Thursday, June 05, 2014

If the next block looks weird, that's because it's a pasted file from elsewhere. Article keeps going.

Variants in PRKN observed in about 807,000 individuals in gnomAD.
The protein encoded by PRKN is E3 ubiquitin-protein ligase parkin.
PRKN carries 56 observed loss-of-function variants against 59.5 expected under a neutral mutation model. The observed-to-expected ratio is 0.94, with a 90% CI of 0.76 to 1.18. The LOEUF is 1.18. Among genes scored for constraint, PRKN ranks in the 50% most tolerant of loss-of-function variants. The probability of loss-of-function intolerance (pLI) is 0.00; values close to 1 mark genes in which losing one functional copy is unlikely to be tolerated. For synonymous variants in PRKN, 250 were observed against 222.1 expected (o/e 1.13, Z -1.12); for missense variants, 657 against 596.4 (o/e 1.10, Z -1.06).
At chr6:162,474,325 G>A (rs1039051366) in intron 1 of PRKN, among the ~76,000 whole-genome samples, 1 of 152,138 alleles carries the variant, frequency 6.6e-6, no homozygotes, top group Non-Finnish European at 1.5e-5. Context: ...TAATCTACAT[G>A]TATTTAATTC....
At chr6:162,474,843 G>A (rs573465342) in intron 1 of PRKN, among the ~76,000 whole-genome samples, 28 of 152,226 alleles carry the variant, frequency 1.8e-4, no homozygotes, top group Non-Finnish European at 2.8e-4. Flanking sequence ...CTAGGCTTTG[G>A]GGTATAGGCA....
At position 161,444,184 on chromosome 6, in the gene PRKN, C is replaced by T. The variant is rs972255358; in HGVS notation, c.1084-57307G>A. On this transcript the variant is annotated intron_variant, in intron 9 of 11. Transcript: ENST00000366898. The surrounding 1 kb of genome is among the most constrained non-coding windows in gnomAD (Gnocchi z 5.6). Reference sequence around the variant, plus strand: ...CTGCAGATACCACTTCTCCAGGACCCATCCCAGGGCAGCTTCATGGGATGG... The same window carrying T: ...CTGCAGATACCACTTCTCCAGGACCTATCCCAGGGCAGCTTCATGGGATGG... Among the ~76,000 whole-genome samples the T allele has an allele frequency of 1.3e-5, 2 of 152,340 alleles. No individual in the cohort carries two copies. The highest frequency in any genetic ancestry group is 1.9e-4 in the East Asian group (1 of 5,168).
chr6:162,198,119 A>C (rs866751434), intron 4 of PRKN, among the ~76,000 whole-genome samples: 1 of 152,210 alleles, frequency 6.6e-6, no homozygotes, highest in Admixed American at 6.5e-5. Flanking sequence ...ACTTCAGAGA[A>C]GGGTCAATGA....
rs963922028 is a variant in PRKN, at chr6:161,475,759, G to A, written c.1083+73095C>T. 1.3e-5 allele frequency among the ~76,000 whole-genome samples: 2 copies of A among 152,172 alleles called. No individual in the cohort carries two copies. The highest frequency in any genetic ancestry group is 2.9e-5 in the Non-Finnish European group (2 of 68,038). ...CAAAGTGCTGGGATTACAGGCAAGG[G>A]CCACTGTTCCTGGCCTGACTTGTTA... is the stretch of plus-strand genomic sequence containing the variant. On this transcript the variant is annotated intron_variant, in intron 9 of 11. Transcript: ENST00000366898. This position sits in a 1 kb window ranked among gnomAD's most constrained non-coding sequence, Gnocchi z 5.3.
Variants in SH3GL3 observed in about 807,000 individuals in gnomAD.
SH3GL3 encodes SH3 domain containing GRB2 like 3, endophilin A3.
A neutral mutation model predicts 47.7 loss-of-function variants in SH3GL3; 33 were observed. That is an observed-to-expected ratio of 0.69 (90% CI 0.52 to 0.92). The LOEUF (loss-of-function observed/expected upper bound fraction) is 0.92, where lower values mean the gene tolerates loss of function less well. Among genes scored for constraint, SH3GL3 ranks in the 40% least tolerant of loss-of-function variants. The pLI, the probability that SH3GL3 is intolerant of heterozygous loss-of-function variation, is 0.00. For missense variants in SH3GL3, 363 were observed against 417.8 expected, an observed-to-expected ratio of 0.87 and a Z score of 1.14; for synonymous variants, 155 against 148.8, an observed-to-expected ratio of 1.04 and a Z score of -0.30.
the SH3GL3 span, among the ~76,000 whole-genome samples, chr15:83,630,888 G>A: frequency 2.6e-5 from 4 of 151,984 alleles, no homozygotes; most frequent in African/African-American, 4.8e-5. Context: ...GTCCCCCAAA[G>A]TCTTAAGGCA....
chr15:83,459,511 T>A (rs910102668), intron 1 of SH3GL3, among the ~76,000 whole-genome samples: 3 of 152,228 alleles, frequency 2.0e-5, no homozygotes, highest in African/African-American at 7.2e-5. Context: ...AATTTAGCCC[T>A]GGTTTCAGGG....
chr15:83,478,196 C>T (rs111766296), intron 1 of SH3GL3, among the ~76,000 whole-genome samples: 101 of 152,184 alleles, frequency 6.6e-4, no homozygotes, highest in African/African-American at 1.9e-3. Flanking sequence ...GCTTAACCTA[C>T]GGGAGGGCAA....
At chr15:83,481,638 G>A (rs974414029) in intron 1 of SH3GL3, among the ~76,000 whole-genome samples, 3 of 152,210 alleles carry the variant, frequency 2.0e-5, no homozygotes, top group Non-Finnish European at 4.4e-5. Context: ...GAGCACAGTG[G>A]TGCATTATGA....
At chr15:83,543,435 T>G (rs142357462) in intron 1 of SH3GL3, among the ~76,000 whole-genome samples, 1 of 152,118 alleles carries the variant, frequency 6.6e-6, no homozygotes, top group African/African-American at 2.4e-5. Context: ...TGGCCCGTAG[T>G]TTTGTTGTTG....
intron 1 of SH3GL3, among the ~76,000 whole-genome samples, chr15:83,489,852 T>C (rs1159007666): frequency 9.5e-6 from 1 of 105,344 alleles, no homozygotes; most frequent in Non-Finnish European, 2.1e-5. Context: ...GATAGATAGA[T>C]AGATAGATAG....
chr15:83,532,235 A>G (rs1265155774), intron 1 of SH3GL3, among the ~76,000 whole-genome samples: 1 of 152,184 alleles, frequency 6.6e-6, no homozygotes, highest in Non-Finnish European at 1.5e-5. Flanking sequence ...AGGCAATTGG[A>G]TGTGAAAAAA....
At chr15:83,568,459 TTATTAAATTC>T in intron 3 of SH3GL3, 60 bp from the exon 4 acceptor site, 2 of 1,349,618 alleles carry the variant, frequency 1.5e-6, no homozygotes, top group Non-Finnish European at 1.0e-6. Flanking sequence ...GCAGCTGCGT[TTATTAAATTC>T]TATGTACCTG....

"I have had a handful of Christians over the years tell me that my questioning some traditional biblical interpretations is just giving into this demonic temptation to doubt what Gods says.  There are a couple problems with this response. First, as a rebuttal to a new proposal, it is inadequate because it assumes what it is trying to prove. It assumes the traditional interpretation is what God really said, and then accuses the other of refusing to accept it (thus rejecting God), when the whole question in the first place is, 'What does this text really mean?' So, just logically speaking, it begs the question.  Second, and I think more interesting, is the fact that this objection actually backfires on itself because it ignores the actual biblical story it appeals to. When the serpent says to Adam and Eve, 'Did God really say…?' the serpent was not trying to cast doubt on what God actually said. God, as Eve helpfully points out, never said that they couldn’t eat from any tree, there is only one tree they are not to eat from. Which leads to an observation that could actually work against the conservative use of this analogy.  You see, Satan’s oldest trick isn’t to get us to doubt what God says. Satan’s oldest trick is to get us to think that God said something that God never said. The serpent appears to be trying to get Adam and Eve to doubt the goodness of God by making God’s commands seem harsher and more restrictive than they actually are."


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